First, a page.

Your “work experience” section can be the most important part of your resume, and in some cases, it may be the only section that your potential employers actually read before they make the decision to call you in for an in-person interview (or not). If your list of previous positions perfectly aligns with your employer’s needs and you’ve never missed a beat, held a single bad job, or spent a single minute among the unemployed, you’ll be fine… But since this doesn’t apply to very many people, most of us can take a few steps to make this section more effective. Try the moves below.
Find an Alignment
If the parallel between the responsibilities you held and the accomplishments you acquired in your last position align with the needs of your prospective employers, make this clear. And if they don’t align perfectly, find a line between the two and use your words to illustrate this line clearly. Use the keywords that appear in the job post and make the distinction clear.
During the time between your last position and your next one, make sure you stay active and involved in the larger world. Take on leadership responsibilities in your community. Participate in any organization that interests you, from your homeowners association to your PTA to a local club, sports team or charitable society. Volunteer to help a local non-profit organization. Join an open source community and contribute something meaningful.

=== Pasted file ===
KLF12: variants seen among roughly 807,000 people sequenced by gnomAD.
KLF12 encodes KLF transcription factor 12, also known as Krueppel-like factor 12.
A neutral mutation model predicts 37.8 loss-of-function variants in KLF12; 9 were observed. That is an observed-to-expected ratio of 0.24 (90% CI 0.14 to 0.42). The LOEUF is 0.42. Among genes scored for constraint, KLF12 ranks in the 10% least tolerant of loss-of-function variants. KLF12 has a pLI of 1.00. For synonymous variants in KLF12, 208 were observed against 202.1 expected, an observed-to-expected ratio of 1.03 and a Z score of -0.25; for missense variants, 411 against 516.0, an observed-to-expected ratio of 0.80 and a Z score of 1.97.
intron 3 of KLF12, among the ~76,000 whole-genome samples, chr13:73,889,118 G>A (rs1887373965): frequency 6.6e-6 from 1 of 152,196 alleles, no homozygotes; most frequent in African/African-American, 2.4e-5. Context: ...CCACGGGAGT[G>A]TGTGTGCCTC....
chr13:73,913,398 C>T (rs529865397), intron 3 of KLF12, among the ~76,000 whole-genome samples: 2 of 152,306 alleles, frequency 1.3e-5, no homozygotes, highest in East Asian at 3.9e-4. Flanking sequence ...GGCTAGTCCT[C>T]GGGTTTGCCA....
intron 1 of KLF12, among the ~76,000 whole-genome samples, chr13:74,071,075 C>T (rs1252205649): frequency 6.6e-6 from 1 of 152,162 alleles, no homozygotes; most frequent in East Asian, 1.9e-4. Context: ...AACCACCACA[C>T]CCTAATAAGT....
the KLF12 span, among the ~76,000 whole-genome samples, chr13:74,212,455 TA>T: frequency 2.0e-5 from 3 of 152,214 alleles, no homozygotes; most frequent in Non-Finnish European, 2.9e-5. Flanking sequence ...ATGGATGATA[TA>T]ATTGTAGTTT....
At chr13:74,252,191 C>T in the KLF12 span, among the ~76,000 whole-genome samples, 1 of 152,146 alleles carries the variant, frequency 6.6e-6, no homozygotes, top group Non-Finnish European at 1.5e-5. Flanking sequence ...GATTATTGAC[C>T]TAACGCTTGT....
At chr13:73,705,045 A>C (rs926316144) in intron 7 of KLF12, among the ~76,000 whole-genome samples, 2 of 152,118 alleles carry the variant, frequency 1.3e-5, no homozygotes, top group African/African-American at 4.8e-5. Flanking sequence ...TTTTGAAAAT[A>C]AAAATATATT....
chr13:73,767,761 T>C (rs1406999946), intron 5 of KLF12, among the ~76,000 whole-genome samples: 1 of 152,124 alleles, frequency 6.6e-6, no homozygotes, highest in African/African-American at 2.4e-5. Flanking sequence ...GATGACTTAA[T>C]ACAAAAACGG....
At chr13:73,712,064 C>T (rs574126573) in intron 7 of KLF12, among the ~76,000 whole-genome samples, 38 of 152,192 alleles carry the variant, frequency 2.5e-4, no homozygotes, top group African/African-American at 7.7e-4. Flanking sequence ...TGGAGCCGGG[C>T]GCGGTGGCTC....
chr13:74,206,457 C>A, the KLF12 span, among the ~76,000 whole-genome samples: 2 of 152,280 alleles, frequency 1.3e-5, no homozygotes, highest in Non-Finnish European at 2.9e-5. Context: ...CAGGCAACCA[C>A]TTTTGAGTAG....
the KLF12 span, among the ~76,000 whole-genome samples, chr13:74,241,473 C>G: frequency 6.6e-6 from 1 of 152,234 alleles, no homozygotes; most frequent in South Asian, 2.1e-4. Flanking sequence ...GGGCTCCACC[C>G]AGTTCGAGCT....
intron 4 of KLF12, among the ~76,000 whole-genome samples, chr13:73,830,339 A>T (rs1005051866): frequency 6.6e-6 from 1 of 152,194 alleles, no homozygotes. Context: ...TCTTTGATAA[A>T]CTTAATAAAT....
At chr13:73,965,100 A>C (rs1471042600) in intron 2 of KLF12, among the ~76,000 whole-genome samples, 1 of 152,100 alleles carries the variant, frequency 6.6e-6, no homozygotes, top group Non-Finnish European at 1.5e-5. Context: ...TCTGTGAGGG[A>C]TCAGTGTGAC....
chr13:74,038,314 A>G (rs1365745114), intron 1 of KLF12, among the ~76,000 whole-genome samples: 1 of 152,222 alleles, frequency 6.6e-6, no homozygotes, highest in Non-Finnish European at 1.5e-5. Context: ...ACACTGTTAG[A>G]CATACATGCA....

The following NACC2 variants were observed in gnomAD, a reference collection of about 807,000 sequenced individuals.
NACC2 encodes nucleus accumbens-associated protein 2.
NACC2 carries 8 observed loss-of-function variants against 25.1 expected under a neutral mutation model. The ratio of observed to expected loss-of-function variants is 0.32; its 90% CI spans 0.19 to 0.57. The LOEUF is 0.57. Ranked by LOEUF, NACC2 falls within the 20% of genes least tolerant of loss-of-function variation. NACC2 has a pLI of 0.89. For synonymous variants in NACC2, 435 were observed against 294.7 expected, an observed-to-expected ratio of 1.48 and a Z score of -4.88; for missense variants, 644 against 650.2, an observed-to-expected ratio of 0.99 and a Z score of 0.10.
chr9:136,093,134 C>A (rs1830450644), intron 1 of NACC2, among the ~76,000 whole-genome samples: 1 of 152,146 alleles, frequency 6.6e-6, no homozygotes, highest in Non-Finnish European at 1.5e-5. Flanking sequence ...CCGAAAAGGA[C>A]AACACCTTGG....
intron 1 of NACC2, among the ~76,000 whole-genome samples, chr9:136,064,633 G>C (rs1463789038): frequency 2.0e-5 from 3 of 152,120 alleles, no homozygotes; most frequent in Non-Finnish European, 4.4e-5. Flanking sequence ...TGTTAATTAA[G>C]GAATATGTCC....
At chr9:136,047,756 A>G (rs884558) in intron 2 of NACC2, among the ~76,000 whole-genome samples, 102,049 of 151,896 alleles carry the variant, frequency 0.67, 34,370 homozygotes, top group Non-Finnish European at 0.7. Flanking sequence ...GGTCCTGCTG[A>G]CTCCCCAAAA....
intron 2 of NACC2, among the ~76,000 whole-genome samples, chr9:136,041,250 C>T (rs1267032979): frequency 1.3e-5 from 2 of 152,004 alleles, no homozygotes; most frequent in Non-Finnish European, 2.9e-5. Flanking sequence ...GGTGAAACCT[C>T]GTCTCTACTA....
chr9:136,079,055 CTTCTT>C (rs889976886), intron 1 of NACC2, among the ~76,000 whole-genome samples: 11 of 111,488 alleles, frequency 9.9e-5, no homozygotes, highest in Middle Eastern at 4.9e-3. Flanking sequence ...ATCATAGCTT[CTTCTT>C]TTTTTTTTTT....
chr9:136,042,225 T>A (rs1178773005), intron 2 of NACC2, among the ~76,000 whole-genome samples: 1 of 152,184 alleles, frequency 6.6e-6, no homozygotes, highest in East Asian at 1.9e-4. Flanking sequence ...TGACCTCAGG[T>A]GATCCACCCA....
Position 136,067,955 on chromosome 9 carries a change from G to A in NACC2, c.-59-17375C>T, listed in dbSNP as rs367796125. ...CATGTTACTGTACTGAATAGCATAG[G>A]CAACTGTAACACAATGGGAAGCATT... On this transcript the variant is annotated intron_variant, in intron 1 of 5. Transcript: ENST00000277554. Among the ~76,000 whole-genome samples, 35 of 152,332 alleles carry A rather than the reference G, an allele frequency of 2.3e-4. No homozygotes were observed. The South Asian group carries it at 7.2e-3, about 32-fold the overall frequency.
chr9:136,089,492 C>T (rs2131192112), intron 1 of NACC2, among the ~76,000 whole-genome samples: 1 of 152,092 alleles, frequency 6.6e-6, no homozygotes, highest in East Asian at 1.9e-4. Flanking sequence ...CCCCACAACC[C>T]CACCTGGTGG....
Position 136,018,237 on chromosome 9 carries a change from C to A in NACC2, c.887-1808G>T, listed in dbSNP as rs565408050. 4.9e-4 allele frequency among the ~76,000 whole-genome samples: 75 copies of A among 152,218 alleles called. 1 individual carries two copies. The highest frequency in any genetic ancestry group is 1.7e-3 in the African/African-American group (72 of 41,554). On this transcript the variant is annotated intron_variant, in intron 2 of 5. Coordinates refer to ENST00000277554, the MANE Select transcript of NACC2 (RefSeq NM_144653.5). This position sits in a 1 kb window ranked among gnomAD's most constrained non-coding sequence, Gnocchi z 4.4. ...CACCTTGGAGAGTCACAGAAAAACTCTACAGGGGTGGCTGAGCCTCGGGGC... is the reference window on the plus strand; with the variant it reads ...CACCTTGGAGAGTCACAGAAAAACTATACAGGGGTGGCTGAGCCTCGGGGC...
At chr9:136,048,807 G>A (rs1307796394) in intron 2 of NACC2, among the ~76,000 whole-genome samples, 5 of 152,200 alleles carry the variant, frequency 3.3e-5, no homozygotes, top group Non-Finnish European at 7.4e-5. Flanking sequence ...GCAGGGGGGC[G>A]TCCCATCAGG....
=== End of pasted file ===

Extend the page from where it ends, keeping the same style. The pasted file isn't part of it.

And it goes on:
Don’t let your skills stagnate while you’re waiting to get back on the bicycle. And while you’re at it, don’t just run to stand still; keep actively learning new skills and exposing yourself to new information and new facets of your industry. You can do this by conducting research online and contributing actively to various thought communities. But even better, get away from your screen. Sign up for a class, find a mentor, read actual books, subscribe to professional journals, and consider membership in a new professional society or group with regular meetings.
Stay in Circulation
Keep exposing yourself to new people and new opportunities. Travel if you can afford the time and cost. Attend conferences and networking events. If you can, work to publish papers and give presentations, even without the support and sponsorship of a formal employer.
For more on how to stay busy, connected, and growing whether you have a job or not, consult the job search experts at PSU.